The Cathedral of Saint Lawrence was founded in the High Middle Ages but rebuilt in the late 15th century, with the façade completed in 1517. It is the seat of the Diocese of Lugano, and dedicated to Saint Lawrence of Rome.
The church is known on this site from 818. In 1078 it was made a collegiata, becoming a cathedral in 1888. The original Romanesque building was oriented the opposite way to the present church, as is shown by remains of the apse discovered under the current parvise. In the 15th century the church was expanded and the entrance moved to the present position, while the open roof was covered by a groin vaulted ceiling.
There were extensive renovations in 1905-1910, when some Baroque chapels were demolished and the interior received frescoes by Ernesto Rusca.
The church's main feature is its facade, which was inspired by Giovanni Antonio Amadeo's Certosa di Pavia. It is made of white stone from Saltrio and Viggiù and of Carrara marble, and is divided in three sectors by four false columns supporting the entablature. In the middle sector is the main portal and a large rose window with decoration of cherubs executed after 1578. The decorations of the portals' frames are of high quality, with figures of puttoes, birds and lion-protomes. The central portal, called the 'Saints Portal', has five medallions with reliefs, depicting four saints and, in the middle, the Virgin with Child. Between the portal's frame and the entablature are two angels carrying torches, resembling the decoration of the Roman triumphal arches.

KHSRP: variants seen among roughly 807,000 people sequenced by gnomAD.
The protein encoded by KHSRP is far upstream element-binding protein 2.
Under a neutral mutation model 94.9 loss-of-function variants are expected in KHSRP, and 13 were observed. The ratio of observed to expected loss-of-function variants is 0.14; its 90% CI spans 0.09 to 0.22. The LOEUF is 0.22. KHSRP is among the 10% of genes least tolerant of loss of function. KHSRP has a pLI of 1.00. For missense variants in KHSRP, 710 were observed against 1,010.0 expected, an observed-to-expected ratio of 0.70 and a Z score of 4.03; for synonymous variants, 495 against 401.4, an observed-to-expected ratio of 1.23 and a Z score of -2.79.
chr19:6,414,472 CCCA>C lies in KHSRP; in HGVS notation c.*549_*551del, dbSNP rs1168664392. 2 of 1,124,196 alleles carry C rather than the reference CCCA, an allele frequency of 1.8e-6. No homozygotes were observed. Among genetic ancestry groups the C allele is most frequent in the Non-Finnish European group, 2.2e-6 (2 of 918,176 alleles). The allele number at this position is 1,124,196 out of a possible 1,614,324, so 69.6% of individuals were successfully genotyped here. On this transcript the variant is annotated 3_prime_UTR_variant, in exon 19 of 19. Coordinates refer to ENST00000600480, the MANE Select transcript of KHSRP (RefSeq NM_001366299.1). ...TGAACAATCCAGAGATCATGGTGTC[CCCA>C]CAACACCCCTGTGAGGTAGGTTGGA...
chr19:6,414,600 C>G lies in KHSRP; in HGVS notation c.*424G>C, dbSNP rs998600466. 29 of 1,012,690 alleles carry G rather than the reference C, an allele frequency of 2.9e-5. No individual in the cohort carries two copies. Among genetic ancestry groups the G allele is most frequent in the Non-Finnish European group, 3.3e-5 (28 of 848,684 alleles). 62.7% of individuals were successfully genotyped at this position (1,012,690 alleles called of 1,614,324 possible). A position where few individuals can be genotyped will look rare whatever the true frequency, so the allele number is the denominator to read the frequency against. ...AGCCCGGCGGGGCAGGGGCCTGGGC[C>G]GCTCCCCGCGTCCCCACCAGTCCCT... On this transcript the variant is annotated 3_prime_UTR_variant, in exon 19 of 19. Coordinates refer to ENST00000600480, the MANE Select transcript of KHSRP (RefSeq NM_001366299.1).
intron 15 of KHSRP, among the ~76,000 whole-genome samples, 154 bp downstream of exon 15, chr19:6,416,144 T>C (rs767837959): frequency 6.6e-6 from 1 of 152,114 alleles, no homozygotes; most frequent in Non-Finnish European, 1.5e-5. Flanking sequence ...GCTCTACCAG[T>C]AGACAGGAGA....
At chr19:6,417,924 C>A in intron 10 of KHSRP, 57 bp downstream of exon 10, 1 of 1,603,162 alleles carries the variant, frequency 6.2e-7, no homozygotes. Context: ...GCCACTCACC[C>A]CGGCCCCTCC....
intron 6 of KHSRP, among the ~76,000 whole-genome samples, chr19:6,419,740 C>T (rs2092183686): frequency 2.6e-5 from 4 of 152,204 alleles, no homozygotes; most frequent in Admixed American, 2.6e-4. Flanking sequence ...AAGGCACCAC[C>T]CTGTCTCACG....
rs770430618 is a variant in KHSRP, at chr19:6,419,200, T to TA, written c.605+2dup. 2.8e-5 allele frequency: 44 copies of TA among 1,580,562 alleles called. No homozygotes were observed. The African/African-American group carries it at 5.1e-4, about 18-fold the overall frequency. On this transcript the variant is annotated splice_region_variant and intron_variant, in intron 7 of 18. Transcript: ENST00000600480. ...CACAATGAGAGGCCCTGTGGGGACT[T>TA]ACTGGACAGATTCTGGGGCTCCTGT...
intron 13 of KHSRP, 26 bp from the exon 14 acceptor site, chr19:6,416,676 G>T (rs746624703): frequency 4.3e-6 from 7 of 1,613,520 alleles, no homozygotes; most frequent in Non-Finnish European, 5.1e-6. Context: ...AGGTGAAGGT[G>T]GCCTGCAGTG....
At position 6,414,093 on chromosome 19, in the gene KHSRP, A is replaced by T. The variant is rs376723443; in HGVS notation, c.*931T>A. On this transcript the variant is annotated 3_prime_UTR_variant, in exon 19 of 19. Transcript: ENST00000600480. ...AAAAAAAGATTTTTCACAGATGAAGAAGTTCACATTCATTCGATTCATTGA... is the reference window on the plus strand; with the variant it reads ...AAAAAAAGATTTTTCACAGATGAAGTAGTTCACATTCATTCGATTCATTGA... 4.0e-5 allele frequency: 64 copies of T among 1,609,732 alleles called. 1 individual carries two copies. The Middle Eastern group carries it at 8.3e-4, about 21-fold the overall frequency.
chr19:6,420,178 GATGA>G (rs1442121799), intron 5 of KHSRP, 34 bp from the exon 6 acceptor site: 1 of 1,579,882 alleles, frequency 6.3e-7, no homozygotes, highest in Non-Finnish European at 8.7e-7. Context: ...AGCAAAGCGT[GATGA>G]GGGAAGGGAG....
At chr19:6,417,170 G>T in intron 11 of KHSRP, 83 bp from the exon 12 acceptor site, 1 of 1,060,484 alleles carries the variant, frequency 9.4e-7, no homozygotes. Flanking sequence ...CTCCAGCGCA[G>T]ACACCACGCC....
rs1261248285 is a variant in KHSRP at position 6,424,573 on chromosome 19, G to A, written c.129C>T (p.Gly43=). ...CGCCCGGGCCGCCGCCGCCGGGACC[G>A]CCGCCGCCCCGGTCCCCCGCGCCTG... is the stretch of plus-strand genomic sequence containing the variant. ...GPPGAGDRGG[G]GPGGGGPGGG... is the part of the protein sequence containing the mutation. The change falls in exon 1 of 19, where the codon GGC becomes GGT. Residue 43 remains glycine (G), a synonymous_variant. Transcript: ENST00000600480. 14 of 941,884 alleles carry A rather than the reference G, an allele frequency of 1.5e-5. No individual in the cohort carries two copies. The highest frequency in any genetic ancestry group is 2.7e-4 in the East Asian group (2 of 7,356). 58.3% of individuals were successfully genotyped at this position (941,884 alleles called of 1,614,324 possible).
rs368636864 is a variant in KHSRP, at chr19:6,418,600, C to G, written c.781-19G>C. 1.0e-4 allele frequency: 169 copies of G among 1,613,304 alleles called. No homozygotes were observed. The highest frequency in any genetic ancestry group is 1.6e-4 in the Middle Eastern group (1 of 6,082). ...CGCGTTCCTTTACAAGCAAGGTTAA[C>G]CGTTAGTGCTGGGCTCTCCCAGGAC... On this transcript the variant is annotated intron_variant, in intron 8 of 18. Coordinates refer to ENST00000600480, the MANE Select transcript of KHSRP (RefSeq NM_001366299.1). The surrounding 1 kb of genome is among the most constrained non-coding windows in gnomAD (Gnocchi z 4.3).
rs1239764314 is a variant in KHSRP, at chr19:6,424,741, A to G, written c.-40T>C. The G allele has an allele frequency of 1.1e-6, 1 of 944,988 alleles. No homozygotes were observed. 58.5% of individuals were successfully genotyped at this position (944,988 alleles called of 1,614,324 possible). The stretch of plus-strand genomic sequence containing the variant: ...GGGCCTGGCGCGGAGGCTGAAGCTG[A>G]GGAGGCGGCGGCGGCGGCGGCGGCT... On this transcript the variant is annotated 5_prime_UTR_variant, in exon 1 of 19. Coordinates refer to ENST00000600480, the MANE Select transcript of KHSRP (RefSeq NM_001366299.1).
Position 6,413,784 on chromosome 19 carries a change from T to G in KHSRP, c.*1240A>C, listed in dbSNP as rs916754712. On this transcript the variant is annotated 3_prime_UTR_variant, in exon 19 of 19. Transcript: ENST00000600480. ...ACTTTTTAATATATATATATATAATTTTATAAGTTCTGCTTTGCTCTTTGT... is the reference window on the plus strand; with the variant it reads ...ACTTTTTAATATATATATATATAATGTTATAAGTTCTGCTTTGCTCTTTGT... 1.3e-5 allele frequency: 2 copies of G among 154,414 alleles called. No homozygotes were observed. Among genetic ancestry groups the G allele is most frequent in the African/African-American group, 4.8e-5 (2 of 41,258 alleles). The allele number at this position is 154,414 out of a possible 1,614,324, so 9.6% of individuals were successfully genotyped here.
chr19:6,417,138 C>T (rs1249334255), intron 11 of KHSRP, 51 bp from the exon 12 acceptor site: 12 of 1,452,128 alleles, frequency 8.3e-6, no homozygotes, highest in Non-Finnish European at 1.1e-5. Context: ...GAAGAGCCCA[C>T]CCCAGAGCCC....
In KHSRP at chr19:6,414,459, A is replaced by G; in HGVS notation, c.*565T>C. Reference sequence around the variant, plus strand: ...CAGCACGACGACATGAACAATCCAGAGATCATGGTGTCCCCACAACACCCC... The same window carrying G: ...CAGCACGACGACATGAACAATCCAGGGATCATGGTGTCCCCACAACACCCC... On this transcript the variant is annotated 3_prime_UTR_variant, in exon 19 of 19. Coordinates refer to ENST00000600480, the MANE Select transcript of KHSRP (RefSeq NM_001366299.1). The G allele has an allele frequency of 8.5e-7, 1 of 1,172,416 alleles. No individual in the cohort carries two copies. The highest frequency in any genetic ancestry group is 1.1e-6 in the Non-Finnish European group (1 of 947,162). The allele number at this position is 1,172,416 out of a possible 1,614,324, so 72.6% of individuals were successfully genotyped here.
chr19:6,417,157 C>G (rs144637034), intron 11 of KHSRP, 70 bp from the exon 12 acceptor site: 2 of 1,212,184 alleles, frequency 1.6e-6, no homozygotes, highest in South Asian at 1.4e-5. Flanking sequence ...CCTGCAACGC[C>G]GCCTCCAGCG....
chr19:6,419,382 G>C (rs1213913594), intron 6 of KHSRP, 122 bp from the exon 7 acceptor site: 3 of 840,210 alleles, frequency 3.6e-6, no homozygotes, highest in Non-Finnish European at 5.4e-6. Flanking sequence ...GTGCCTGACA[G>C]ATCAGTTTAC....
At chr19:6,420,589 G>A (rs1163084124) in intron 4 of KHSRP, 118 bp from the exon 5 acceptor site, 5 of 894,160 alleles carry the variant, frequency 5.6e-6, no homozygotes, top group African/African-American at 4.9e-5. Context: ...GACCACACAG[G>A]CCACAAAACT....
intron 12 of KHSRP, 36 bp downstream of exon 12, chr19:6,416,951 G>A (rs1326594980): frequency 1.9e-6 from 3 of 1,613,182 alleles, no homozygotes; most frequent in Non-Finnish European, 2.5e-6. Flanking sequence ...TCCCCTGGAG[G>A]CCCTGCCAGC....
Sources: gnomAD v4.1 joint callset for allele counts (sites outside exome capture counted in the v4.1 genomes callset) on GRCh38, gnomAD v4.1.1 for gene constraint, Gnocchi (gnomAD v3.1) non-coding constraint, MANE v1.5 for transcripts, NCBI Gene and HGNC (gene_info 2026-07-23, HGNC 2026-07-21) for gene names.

Between the portals, inside square frames, are busts of the Four Evangelists and of the Kings Solomon and David. The entablature frieze has 17 figures, including biblical characters and the Sibyls. Also present are animal figures, while a restoration in 2002 showed traces of a fresco. The main portal of the Romanesque church is now moved to the sacristy.
The bell tower dates, in its lower part, to the Romanesque church. The two upper storey are in the Baroque style with an octagonal lantern covered by a cupola, designed by Costante Tencalla.References:
First record of Kastelholma (or Kastelholm) castle is from the year 1388 in the contract of Queen Margaret I of Denmark, where a large portion of the inheritance of Bo Jonsson Grip was given to the queen. The heyday of the castle was in the 15th and 16th centuries when it was administrated by Danish and Swedish kings and stewards of the realms. Kastelhoma was expanded and enhanced several times.
In the end of 16th century castle was owned by the previous queen Catherine Jagellon (Stenbock), an enemy of the King of Sweden Eric XIV. King Eric conquered Kastelholma in 1599 and all defending officers were taken to Turku and executed. The castle was damaged under the siege and it took 30 years to renovate it.
In 1634 Åland was joined with the County of Åbo and Björneborg and Kastelholma lost its administrative status.